The finance minister also addressed the issues relating to the financing needs of the sector, permitting banks to raise long-term bonds with minimum statutory reserve requirementsCRR and SLRthat would bring down the cost of funds. I feel the proposed move to provide exemptions to banks from CRR and SLR obligations by linking those to long-term infrastructure loans will help in mobilising funds through issue of infrastructure bonds, the FM observed in his speech. He also announced a more flexible structure for infra loans. Long term financing for infrastructure has been a major constraint in encouraging larger private sector participation in this sector. Banks will be encouraged to extend long-term loans to the infrastructure sector with flexible structuring to absorb potential adverse contingencies, sometimes known as the 5/25 structure, he said. For the first time, the finance minister introduced a modified REIT-type structure for infrastructure projects, called Infrastructure Investment Trusts (InvITs), which would have a similar tax-efficient pass-through status for PPP and other infrastructure projects.
Hemant Kanoria, chairman and managing director, Srei Infrastructure Finance Ltd, feels the proposed Infrastructure Investment Funds on the lines of Real Estate Investment Funds is another positive step. We have been advocating for allowing tax pass-through for such funds for quite some time. This will help mobilise more funds for infrastructure from both India and abroad, he said.
JP Chalasani, managing director and group CEO, Punj Lloyd, said the future looked promising for EPC companies. The governments plans to invest large amounts in the oil and gas sector, roads and highways, airports, harbours and ports will offer sufficient opportunities to players in this industry, Chalasani told FE.
Several companies, such as IRB Infrastructure Developers, Ashoka Buildcon and Sadbhav Engineering, have been participating in the development of roads, some via the PPP mode, but some of the projects have run into trouble. The government hopes to resolve some of these issues. Sujjain Talwar, partner, Economic Laws Practice (ELP), pointed out that an overhaul of the current PPP structure and the documentation surrounding it needed to be carefully looked into. Whether 3P will act as a regulator or a dispute redressal mechanism is yet to be seen, Talwar observed.
Finance minister Arun Jaitley observed that while India had emerged as the largest PPP market in the world with over 900 projects in various stages of development, there were problems with the current framework. We have also seen the weaknesses of the PPP framework, the rigidities in contractual arrangements, the need to develop more nuanced and sophisticated models of contracting and develop a quick dispute redressal mechanism, he said.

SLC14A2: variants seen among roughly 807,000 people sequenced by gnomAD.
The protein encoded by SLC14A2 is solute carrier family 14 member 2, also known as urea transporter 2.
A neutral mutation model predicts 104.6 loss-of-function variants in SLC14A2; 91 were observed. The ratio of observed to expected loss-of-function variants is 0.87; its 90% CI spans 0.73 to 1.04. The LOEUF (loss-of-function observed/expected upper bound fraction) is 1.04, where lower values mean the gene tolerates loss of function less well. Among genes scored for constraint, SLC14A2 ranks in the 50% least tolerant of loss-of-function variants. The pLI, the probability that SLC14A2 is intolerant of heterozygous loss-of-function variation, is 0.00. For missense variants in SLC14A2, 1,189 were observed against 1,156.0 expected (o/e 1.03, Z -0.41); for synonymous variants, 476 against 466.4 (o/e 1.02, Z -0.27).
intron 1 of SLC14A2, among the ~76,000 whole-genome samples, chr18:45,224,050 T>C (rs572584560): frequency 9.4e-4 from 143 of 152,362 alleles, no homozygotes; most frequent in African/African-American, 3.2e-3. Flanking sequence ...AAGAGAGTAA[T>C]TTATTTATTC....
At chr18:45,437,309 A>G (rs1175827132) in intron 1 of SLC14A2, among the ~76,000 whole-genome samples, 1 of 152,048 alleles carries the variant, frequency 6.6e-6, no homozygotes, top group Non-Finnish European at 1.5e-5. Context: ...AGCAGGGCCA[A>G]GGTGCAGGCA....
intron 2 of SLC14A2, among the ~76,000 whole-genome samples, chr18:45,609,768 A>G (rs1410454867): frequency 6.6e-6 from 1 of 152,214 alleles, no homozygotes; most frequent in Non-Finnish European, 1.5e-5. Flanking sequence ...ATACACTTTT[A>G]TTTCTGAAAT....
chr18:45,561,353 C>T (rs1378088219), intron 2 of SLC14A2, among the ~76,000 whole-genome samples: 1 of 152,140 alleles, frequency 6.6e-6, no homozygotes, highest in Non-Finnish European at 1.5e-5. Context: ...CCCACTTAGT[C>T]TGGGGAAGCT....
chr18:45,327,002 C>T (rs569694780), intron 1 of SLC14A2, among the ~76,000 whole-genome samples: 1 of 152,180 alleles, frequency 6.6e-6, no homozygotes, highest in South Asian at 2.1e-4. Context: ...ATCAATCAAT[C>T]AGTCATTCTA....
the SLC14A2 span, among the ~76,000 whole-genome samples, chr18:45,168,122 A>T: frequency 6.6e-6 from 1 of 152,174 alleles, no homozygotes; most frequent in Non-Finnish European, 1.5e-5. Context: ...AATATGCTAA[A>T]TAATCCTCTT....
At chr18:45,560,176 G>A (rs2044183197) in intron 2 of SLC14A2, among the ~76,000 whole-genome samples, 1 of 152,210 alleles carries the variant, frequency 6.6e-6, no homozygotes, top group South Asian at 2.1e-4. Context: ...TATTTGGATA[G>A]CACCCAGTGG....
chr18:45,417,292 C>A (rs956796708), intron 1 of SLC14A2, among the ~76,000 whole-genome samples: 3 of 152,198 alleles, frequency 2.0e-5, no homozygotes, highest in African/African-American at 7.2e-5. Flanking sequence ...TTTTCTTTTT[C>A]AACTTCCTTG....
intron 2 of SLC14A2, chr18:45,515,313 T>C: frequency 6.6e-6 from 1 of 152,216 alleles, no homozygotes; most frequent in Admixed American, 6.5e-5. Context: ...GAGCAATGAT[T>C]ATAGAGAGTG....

The government also plans to initiate work on select expressways together with the industrial corridors, for which NHAI shall set aside a sum of R500 crore. The ports and shipping sector, which also found a mention in the Budget, will see action; apart from plans to award 16 new port projects this year, an amount of R11,635 crore will be allocated for the development of Outer Harbour Project in Tuticorin.
Samir Kanabar, tax partner (infrastructure practice), EY, believes this is a good move as Indian ports are choked at the moment with capacity utilisation at a high 80-90% compared to international markets, where it is in the range of 70%. There is, however, a gestation period of two-three years, so it will be sometime before this additional port capacity becomes operational, Kanabar told FE. Players like Adani Ports & SEZ and Essar Ports in the private sector could take advantage of this addition.
The government will also focus on the development of inland waterways, a long-standing demand of industry given it is the most cost-effective way to transport goods. The Jal Marg Vikas project on the river Ganga under National Waterways-I will be developed between Allahabad and Haldia at an estimated cost of R4,200 crore.
The highways sector has hit a low; after a dismal show in 2012-13, the ministry had scaled down its projects award target by nearly half to 5,000 km in 2013-14, compared to a target of 9,500 km in 2012-13 and awarded less than 2,000 km in 2013-14. In 2012-13, the ministry was barely able to award 15% of the targeted 9,500 km of highways on account of a number of factors, including delays in clearances and a shortage of equity with developers. The allocation includes R3,000 crore in the north-east to improve connectivity. Roads and highway minister Nitin Gadkari feels that to speed up the implementation of highway projects, the ministry should be able to award projects of R1,000 crore investment on its own, for which it has asked Prime Minister Narendra Modi. Many projects in the past have been delayed due to a number of committee approvals required for their implementation, Gadkari said, adding the ministry has so far cleared R40,000 crore worth of projects that were stuck for want of clearances.
New airports will be developed in Tier I and II cities and towns across the country by Airport Authority of India (AAI) or via the public-private-partnership (PPP) model. Despite increase in air connectivity, air travel is still out of reach of a large number of aspirational Indians, the finance minister said.